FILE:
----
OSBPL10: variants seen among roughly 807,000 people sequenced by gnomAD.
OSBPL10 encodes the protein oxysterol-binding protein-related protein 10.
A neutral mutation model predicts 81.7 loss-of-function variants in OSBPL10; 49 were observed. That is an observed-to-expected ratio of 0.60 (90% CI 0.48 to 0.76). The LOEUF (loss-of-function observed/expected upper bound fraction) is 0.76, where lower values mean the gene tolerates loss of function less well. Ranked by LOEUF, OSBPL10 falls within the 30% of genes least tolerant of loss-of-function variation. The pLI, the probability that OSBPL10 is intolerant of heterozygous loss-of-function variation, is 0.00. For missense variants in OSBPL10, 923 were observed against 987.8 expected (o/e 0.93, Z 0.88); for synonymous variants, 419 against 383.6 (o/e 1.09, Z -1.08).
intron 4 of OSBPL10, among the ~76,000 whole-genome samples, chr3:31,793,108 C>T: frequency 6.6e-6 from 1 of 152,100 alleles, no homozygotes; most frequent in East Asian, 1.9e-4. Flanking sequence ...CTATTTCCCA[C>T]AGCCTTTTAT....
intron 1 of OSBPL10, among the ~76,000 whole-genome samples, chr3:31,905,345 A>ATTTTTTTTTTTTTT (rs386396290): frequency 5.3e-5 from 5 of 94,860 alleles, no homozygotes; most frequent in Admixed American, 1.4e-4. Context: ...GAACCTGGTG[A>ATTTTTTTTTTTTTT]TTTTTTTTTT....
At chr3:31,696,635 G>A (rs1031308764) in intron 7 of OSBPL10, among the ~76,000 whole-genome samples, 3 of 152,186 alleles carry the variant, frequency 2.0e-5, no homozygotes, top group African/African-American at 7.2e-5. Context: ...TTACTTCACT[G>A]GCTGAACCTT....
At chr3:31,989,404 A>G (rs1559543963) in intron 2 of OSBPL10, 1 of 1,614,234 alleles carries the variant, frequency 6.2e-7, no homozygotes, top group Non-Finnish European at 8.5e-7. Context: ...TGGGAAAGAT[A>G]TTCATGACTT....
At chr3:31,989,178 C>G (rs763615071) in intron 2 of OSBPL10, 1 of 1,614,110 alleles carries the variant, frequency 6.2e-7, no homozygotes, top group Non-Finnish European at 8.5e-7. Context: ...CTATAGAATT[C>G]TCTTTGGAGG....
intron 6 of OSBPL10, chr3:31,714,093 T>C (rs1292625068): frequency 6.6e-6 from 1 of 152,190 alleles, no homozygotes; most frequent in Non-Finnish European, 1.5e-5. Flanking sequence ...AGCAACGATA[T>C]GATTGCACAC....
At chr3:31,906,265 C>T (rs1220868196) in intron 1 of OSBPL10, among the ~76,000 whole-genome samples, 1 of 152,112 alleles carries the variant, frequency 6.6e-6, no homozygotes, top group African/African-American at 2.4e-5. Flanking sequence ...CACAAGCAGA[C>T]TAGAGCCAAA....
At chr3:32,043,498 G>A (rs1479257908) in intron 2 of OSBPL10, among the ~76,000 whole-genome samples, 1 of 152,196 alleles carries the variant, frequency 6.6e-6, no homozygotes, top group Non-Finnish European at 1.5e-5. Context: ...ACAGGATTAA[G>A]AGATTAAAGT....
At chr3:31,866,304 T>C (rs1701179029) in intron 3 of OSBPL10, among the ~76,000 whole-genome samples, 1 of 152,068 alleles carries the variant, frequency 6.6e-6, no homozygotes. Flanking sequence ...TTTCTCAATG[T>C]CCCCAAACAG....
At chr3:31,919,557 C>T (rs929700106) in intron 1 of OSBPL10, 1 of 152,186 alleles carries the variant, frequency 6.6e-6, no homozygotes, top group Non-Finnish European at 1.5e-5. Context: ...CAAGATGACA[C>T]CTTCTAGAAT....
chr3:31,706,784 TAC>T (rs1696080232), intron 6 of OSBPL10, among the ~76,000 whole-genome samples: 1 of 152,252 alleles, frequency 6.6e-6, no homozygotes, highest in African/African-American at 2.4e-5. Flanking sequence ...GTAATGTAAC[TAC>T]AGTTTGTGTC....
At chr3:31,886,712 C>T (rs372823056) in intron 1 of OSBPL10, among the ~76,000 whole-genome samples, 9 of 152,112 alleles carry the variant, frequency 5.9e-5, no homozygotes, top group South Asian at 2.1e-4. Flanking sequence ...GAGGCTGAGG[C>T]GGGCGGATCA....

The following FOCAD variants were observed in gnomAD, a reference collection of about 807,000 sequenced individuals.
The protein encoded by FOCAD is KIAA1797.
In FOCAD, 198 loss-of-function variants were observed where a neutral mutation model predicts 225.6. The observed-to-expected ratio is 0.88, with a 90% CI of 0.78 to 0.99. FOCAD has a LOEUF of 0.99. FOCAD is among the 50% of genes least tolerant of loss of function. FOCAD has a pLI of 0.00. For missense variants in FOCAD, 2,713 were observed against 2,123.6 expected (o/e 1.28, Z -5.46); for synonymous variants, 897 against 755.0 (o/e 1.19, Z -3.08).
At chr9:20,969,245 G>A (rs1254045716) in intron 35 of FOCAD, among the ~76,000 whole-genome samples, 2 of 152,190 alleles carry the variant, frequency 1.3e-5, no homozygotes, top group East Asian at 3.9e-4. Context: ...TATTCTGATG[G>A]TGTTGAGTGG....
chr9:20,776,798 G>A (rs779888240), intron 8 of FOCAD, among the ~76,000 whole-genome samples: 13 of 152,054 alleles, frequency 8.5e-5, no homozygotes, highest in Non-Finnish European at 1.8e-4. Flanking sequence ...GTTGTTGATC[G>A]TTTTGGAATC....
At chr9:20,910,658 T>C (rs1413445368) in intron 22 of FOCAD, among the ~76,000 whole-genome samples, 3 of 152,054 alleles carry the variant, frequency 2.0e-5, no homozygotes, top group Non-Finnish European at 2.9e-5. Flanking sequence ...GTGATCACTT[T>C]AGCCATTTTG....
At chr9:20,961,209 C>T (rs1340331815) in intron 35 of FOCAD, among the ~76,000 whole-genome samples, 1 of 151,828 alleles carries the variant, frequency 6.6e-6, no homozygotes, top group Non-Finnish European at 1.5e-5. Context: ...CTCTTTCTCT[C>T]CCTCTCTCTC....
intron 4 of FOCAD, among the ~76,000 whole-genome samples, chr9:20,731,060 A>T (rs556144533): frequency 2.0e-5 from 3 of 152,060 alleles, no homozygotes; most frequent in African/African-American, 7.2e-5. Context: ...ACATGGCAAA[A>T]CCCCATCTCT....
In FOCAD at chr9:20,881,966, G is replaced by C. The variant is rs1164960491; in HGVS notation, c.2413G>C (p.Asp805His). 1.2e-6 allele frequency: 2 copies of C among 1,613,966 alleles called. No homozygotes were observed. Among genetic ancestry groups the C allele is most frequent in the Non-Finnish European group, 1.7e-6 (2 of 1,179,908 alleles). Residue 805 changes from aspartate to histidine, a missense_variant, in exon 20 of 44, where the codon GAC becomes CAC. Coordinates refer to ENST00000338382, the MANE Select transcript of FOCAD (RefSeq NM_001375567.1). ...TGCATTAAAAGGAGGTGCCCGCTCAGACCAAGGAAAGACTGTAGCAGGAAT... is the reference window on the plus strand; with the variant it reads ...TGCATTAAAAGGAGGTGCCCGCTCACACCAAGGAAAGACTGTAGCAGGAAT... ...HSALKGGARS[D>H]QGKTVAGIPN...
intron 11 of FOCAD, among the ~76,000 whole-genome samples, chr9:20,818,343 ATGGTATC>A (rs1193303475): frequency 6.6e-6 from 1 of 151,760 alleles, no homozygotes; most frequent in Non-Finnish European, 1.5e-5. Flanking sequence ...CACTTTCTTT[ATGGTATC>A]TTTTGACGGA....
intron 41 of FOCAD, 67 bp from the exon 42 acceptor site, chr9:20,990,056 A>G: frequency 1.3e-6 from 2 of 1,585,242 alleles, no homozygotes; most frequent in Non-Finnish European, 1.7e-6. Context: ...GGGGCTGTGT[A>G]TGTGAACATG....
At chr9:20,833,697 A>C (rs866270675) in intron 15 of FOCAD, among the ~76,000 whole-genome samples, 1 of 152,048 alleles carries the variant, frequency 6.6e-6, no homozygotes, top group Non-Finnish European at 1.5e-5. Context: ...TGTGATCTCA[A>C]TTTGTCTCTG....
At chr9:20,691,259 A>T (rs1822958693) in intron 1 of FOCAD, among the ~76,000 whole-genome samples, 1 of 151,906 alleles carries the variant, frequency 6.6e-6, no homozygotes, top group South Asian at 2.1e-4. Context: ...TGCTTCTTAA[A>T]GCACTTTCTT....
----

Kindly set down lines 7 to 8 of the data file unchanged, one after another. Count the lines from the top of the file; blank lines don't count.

At chr3:31,989,404 A>G (rs1559543963) in intron 2 of OSBPL10, 1 of 1,614,234 alleles carries the variant, frequency 6.2e-7, no homozygotes, top group Non-Finnish European at 8.5e-7. Context: ...TGGGAAAGAT[A>G]TTCATGACTT....
At chr3:31,989,178 C>G (rs763615071) in intron 2 of OSBPL10, 1 of 1,614,110 alleles carries the variant, frequency 6.2e-7, no homozygotes, top group Non-Finnish European at 8.5e-7. Context: ...CTATAGAATT[C>G]TCTTTGGAGG....